Tumor tests for immuno-oncology drugs need some work, cancer experts say

Drugmakers are quick to cite results from tests for new immuno-oncology meds, with companies such as Bristol-Myers Squibb ($BMY), Merck ($MRK), Roche ($RHHBY) and Pfizer ($PFE) screening for biomarkers in tumors to see which individuals would benefit from the drugs. But the tests are not always reliable and could leave out a subset of patients who are a good fit for the drugs, according to researchers.

Using protein levels in a tumor to guide treatment decisions is not as effective as looking at genes, cancer experts told Reuters. Drugmakers don't all follow the same standards when developing tests for meds, and results can vary depending on which part of the tumor was biopsied and how much the cancer has spread. And while clinical trials for PD-1 blockers Opdivo from BMS and Keytruda from Merck show the drugs work best in patients who test positive for PD-L1, a related protein, some patients who tested negative still benefited from therapy.

BMS recently unveiled new data for Opdivo, showing that combining the drug with cancer-fighter Yervoy was more effective in treating advanced melanoma than Yervoy alone. But patients who didn't have PD-L1 detected in their tumors but still received the combo drug lived more than twice as long without their disease worsening.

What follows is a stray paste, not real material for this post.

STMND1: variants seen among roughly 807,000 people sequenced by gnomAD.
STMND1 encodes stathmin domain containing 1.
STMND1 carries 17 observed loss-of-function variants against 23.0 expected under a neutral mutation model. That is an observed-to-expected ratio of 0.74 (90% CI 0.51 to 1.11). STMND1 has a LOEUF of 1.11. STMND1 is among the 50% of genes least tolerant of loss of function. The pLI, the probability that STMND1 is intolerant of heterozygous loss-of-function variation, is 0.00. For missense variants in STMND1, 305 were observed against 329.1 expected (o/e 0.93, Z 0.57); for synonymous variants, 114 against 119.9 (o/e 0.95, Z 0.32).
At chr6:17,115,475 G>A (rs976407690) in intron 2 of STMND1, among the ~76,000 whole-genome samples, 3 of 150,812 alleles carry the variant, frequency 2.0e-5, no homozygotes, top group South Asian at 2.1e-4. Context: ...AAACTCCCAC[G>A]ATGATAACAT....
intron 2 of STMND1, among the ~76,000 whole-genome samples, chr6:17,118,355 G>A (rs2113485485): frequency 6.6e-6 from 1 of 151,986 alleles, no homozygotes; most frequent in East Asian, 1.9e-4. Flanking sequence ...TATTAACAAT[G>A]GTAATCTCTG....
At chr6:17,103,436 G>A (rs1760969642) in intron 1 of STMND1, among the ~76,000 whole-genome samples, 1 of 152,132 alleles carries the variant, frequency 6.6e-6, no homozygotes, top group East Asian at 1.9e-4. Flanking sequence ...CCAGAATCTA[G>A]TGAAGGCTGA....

Yale Cancer Center's Dr. Roy Herbst

"We shouldn't withhold immunotherapy from patients based on a biomarker yet," said Dr. Roy Herbst, chief of medical oncology at Yale Cancer Center, about Opdivo (as quoted by Reuters). "We don't even know if PD-L1 is the right biomarker."

Developing more accurate tests for the meds could help drugmakers as they look to cash in on a rapidly growing field. The PD-1 market could generate sales of $22 billion to $33 billion by 2022, analyst say, and companies such as Merck and BMS are chasing new indications for their drugs to grab the PD-1/PD-L1 crown.

Meanwhile, drugmakers are turning to genetic testing as a viable way to evaluate cancer treatments, rather than relying solely on tumor testing. The National Cancer Institute is launching an oncology trial, striving to match 1,000 advanced cancer patients with drugs that can target tumors by their genetic mutations, The Wall Street Journal reports. Companies including Novartis ($NVS), Pfizer, AstraZeneca ($AZN), Verastem ($VSTM) and Boehringer will lend drugs to the initiative.

- read the Reuters article
- here's the WSJ story (sub. req.)
- get more from the NYT (sub. req.)

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